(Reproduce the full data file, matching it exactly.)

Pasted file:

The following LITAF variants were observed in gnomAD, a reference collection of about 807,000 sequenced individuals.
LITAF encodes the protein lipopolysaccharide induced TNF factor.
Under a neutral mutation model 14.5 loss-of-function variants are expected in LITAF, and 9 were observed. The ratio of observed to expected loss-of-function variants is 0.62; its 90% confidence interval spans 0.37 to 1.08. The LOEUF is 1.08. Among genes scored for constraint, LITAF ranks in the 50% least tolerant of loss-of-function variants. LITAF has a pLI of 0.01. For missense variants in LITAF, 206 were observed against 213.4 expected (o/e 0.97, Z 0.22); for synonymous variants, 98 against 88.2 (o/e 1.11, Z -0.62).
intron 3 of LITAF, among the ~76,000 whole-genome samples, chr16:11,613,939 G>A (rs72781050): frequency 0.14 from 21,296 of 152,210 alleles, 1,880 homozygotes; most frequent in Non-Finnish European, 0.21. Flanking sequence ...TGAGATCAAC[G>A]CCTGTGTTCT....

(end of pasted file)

The following LITAF variants were observed in gnomAD, a reference collection of about 807,000 sequenced individuals.
LITAF encodes the protein lipopolysaccharide induced TNF factor.
Under a neutral mutation model 14.5 loss-of-function variants are expected in LITAF, and 9 were observed. The ratio of observed to expected loss-of-function variants is 0.62; its 90% confidence interval spans 0.37 to 1.08. The LOEUF is 1.08. Among genes scored for constraint, LITAF ranks in the 50% least tolerant of loss-of-function variants. LITAF has a pLI of 0.01. For missense variants in LITAF, 206 were observed against 213.4 expected (o/e 0.97, Z 0.22); for synonymous variants, 98 against 88.2 (o/e 1.11, Z -0.62).
intron 3 of LITAF, among the ~76,000 whole-genome samples, chr16:11,613,939 G>A (rs72781050): frequency 0.14 from 21,296 of 152,210 alleles, 1,880 homozygotes; most frequent in Non-Finnish European, 0.21. Flanking sequence ...TGAGATCAAC[G>A]CCTGTGTTCT....